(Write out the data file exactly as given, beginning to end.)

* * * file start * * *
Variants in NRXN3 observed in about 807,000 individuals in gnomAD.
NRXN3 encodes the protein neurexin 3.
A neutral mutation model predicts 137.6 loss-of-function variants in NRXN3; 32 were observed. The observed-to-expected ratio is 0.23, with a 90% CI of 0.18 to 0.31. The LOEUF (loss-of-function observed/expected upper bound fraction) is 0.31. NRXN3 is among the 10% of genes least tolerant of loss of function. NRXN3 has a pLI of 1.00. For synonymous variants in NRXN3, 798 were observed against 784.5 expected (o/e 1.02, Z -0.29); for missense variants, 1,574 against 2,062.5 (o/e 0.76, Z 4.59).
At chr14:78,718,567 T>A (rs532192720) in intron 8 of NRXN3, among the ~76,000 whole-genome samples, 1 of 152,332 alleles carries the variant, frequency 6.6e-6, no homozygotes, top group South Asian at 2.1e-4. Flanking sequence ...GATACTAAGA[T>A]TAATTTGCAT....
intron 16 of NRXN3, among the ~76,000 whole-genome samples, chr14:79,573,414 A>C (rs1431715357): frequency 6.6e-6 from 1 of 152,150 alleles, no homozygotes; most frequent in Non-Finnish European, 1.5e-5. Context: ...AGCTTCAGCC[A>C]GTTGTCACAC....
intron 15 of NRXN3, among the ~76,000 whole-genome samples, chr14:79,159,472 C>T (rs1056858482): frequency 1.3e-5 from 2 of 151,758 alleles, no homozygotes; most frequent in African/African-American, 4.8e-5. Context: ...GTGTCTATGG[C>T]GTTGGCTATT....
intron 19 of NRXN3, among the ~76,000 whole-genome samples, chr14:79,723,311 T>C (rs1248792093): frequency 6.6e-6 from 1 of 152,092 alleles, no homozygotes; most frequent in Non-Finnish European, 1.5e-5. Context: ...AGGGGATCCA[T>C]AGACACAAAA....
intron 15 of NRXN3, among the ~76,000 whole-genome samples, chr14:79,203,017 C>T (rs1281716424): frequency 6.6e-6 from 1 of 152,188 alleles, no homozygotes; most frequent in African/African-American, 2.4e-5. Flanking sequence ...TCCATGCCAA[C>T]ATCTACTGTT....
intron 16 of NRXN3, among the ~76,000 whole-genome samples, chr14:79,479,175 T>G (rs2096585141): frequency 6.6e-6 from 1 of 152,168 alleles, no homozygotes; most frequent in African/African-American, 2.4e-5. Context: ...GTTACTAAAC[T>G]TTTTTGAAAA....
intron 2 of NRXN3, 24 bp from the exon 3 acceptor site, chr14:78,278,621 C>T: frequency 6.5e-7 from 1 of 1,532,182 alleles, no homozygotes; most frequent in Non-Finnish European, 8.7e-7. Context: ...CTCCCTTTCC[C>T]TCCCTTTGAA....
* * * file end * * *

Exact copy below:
Variants in NRXN3 observed in about 807,000 individuals in gnomAD.
NRXN3 encodes the protein neurexin 3.
A neutral mutation model predicts 137.6 loss-of-function variants in NRXN3; 32 were observed. The observed-to-expected ratio is 0.23, with a 90% CI of 0.18 to 0.31. The LOEUF (loss-of-function observed/expected upper bound fraction) is 0.31. NRXN3 is among the 10% of genes least tolerant of loss of function. NRXN3 has a pLI of 1.00. For synonymous variants in NRXN3, 798 were observed against 784.5 expected (o/e 1.02, Z -0.29); for missense variants, 1,574 against 2,062.5 (o/e 0.76, Z 4.59).
At chr14:78,718,567 T>A (rs532192720) in intron 8 of NRXN3, among the ~76,000 whole-genome samples, 1 of 152,332 alleles carries the variant, frequency 6.6e-6, no homozygotes, top group South Asian at 2.1e-4. Flanking sequence ...GATACTAAGA[T>A]TAATTTGCAT....
intron 16 of NRXN3, among the ~76,000 whole-genome samples, chr14:79,573,414 A>C (rs1431715357): frequency 6.6e-6 from 1 of 152,150 alleles, no homozygotes; most frequent in Non-Finnish European, 1.5e-5. Context: ...AGCTTCAGCC[A>C]GTTGTCACAC....
intron 15 of NRXN3, among the ~76,000 whole-genome samples, chr14:79,159,472 C>T (rs1056858482): frequency 1.3e-5 from 2 of 151,758 alleles, no homozygotes; most frequent in African/African-American, 4.8e-5. Context: ...GTGTCTATGG[C>T]GTTGGCTATT....
intron 19 of NRXN3, among the ~76,000 whole-genome samples, chr14:79,723,311 T>C (rs1248792093): frequency 6.6e-6 from 1 of 152,092 alleles, no homozygotes; most frequent in Non-Finnish European, 1.5e-5. Context: ...AGGGGATCCA[T>C]AGACACAAAA....
intron 15 of NRXN3, among the ~76,000 whole-genome samples, chr14:79,203,017 C>T (rs1281716424): frequency 6.6e-6 from 1 of 152,188 alleles, no homozygotes; most frequent in African/African-American, 2.4e-5. Flanking sequence ...TCCATGCCAA[C>T]ATCTACTGTT....
intron 16 of NRXN3, among the ~76,000 whole-genome samples, chr14:79,479,175 T>G (rs2096585141): frequency 6.6e-6 from 1 of 152,168 alleles, no homozygotes; most frequent in African/African-American, 2.4e-5. Context: ...GTTACTAAAC[T>G]TTTTTGAAAA....
intron 2 of NRXN3, 24 bp from the exon 3 acceptor site, chr14:78,278,621 C>T: frequency 6.5e-7 from 1 of 1,532,182 alleles, no homozygotes; most frequent in Non-Finnish European, 8.7e-7. Context: ...CTCCCTTTCC[C>T]TCCCTTTGAA....